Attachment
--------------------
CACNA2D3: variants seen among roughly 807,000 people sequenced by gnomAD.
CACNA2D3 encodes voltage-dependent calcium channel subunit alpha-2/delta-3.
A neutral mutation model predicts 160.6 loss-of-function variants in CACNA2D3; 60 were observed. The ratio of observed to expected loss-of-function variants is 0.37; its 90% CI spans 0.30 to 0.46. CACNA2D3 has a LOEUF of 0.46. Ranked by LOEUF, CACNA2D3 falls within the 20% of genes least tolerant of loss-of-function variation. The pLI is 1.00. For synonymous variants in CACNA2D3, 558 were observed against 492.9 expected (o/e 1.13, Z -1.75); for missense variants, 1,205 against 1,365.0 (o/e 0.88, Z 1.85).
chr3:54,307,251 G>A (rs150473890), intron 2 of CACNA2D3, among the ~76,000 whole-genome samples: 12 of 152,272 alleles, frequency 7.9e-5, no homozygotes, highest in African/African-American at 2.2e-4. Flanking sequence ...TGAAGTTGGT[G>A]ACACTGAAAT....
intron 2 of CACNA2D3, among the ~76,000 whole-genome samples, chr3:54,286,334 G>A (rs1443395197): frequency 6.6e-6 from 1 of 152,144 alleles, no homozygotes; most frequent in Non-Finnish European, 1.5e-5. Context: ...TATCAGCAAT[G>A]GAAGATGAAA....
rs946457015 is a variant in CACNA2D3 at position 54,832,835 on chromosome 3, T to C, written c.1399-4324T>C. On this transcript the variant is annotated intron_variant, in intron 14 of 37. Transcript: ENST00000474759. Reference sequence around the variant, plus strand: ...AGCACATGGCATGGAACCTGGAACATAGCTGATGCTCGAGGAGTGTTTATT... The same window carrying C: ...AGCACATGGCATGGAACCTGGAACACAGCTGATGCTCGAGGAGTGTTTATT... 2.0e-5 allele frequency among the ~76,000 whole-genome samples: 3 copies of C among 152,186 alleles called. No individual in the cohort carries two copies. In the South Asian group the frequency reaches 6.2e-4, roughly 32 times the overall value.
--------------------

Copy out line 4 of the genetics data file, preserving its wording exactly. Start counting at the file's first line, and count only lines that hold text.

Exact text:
chr3:54,307,251 G>A (rs150473890), intron 2 of CACNA2D3, among the ~76,000 whole-genome samples: 12 of 152,272 alleles, frequency 7.9e-5, no homozygotes, highest in African/African-American at 2.2e-4. Flanking sequence ...TGAAGTTGGT[G>A]ACACTGAAAT....